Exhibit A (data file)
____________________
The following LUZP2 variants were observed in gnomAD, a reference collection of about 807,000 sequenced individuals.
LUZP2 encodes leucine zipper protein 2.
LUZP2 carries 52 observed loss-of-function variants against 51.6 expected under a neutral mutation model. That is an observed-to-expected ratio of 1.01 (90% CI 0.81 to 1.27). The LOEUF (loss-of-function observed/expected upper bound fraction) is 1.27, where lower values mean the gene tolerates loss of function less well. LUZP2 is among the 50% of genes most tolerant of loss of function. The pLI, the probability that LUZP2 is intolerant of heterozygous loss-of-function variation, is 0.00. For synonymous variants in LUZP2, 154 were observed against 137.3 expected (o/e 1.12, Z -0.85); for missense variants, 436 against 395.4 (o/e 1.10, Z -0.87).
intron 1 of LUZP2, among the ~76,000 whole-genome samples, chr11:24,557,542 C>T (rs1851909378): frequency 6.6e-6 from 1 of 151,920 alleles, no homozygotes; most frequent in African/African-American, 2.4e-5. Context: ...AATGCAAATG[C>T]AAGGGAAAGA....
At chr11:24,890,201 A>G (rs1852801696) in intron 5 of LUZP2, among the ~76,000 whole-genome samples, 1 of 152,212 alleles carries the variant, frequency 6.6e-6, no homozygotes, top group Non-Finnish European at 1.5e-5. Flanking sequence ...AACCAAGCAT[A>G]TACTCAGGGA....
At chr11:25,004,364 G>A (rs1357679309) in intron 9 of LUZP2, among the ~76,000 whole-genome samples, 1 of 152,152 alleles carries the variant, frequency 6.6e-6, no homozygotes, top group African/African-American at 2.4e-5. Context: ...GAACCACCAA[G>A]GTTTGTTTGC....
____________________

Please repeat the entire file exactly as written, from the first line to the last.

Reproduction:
The following LUZP2 variants were observed in gnomAD, a reference collection of about 807,000 sequenced individuals.
LUZP2 encodes leucine zipper protein 2.
LUZP2 carries 52 observed loss-of-function variants against 51.6 expected under a neutral mutation model. That is an observed-to-expected ratio of 1.01 (90% CI 0.81 to 1.27). The LOEUF (loss-of-function observed/expected upper bound fraction) is 1.27, where lower values mean the gene tolerates loss of function less well. LUZP2 is among the 50% of genes most tolerant of loss of function. The pLI, the probability that LUZP2 is intolerant of heterozygous loss-of-function variation, is 0.00. For synonymous variants in LUZP2, 154 were observed against 137.3 expected (o/e 1.12, Z -0.85); for missense variants, 436 against 395.4 (o/e 1.10, Z -0.87).
intron 1 of LUZP2, among the ~76,000 whole-genome samples, chr11:24,557,542 C>T (rs1851909378): frequency 6.6e-6 from 1 of 151,920 alleles, no homozygotes; most frequent in African/African-American, 2.4e-5. Context: ...AATGCAAATG[C>T]AAGGGAAAGA....
At chr11:24,890,201 A>G (rs1852801696) in intron 5 of LUZP2, among the ~76,000 whole-genome samples, 1 of 152,212 alleles carries the variant, frequency 6.6e-6, no homozygotes, top group Non-Finnish European at 1.5e-5. Flanking sequence ...AACCAAGCAT[A>G]TACTCAGGGA....
At chr11:25,004,364 G>A (rs1357679309) in intron 9 of LUZP2, among the ~76,000 whole-genome samples, 1 of 152,152 alleles carries the variant, frequency 6.6e-6, no homozygotes, top group African/African-American at 2.4e-5. Context: ...GAACCACCAA[G>A]GTTTGTTTGC....